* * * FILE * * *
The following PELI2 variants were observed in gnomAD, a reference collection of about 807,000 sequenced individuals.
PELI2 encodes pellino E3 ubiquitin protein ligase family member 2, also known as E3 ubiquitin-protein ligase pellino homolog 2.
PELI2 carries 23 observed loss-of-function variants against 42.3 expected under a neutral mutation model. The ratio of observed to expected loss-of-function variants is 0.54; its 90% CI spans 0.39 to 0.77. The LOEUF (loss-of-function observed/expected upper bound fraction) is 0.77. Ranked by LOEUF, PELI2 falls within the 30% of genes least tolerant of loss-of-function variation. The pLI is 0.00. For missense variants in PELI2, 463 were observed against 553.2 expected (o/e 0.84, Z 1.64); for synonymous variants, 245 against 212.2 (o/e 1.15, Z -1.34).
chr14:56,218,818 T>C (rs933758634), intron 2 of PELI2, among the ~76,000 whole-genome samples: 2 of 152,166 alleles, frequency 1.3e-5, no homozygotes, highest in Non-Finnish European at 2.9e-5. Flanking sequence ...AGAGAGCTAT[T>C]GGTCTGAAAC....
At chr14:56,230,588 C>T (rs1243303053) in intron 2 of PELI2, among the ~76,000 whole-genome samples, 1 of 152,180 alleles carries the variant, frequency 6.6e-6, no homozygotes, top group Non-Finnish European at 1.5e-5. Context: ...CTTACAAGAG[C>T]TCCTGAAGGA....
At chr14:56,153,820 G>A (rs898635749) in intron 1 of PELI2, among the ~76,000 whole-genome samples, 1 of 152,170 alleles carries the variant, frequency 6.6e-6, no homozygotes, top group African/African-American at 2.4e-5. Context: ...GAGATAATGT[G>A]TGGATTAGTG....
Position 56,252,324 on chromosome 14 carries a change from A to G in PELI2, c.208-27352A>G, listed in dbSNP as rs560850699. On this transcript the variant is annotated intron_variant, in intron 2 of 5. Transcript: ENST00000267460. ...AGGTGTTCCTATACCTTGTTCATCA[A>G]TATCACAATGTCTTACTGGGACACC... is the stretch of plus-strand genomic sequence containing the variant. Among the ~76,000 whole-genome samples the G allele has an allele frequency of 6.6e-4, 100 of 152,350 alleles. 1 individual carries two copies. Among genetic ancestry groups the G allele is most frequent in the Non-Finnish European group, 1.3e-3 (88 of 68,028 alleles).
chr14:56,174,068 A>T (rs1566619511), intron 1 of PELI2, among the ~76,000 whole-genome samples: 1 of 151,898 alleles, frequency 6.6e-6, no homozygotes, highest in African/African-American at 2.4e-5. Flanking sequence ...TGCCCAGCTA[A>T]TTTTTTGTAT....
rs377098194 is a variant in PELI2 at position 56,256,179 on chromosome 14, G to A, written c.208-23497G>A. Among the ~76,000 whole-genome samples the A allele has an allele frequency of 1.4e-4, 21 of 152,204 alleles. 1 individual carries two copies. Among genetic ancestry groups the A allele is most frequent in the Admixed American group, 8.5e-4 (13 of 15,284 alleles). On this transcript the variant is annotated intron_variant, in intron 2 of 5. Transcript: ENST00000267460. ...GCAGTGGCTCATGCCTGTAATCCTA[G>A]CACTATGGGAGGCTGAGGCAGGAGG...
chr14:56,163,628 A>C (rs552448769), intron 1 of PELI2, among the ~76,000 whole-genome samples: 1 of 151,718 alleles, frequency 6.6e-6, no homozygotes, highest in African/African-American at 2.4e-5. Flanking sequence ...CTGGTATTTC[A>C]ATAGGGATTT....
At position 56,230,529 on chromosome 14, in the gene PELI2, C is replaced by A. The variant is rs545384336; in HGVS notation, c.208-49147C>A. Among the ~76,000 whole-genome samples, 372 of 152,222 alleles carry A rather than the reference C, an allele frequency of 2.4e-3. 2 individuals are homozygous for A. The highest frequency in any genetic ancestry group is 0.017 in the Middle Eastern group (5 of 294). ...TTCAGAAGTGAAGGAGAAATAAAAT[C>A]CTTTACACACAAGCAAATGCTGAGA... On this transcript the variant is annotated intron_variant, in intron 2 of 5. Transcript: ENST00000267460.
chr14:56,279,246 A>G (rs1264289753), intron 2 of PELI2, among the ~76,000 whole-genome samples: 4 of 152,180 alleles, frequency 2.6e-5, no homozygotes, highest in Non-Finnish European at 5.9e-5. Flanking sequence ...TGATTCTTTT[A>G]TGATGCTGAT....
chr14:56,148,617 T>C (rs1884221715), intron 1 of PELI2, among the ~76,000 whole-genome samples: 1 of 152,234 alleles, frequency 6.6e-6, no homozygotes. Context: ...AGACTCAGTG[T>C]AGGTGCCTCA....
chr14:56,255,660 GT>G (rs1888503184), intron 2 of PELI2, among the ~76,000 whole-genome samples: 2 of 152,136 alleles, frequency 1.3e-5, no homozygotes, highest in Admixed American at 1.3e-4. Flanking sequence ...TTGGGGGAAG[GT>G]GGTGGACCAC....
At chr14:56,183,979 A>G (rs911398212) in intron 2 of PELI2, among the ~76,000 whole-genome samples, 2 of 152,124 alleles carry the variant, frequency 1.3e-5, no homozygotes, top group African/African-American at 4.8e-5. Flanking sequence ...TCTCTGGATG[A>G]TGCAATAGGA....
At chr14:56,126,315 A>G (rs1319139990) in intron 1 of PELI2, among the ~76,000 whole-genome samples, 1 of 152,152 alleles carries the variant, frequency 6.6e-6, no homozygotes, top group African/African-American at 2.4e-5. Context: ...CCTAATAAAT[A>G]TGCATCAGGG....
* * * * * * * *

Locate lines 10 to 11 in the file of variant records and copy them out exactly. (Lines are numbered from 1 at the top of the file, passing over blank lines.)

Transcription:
chr14:56,163,628 A>C (rs552448769), intron 1 of PELI2, among the ~76,000 whole-genome samples: 1 of 151,718 alleles, frequency 6.6e-6, no homozygotes, highest in African/African-American at 2.4e-5. Flanking sequence ...CTGGTATTTC[A>C]ATAGGGATTT....
At position 56,230,529 on chromosome 14, in the gene PELI2, C is replaced by A. The variant is rs545384336; in HGVS notation, c.208-49147C>A. Among the ~76,000 whole-genome samples, 372 of 152,222 alleles carry A rather than the reference C, an allele frequency of 2.4e-3. 2 individuals are homozygous for A. The highest frequency in any genetic ancestry group is 0.017 in the Middle Eastern group (5 of 294). ...TTCAGAAGTGAAGGAGAAATAAAAT[C>A]CTTTACACACAAGCAAATGCTGAGA... On this transcript the variant is annotated intron_variant, in intron 2 of 5. Transcript: ENST00000267460.